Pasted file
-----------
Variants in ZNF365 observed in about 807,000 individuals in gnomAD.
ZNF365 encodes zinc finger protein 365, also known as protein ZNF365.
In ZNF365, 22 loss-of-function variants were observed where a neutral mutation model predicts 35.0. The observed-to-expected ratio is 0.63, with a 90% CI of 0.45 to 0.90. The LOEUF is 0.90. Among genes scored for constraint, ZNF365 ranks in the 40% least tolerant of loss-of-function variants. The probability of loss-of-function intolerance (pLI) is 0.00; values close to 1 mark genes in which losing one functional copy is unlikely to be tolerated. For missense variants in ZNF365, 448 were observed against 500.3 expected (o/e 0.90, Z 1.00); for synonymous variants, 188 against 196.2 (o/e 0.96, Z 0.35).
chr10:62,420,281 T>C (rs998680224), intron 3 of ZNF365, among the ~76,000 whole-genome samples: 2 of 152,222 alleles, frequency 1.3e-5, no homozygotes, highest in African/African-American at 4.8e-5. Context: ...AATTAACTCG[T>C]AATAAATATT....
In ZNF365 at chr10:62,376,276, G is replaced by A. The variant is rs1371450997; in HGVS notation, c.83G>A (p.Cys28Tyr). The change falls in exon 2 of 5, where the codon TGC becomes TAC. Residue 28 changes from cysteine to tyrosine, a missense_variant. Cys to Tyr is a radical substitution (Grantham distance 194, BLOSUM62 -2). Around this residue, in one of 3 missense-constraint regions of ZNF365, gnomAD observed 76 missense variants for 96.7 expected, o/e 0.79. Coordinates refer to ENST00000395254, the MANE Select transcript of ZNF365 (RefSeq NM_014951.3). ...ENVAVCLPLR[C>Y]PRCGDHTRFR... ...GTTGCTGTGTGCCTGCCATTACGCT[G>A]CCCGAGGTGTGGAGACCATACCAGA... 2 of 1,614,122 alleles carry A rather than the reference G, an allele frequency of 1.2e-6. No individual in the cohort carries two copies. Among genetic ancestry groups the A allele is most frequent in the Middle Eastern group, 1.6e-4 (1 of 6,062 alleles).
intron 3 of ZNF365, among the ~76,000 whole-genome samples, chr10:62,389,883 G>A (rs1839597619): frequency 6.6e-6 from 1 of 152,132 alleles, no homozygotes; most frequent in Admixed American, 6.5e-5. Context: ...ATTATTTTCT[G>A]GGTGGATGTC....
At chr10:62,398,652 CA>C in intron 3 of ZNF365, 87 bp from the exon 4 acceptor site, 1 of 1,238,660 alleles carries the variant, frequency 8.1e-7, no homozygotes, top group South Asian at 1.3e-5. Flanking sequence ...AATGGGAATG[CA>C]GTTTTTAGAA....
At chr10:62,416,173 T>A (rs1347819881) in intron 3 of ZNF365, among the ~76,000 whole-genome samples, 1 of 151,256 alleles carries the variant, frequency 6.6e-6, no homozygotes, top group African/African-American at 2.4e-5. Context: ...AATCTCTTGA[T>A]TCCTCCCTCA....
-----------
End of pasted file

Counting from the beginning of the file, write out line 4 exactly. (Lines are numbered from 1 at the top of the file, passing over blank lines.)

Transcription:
chr10:62,420,281 T>C (rs998680224), intron 3 of ZNF365, among the ~76,000 whole-genome samples: 2 of 152,222 alleles, frequency 1.3e-5, no homozygotes, highest in African/African-American at 4.8e-5. Context: ...AATTAACTCG[T>C]AATAAATATT....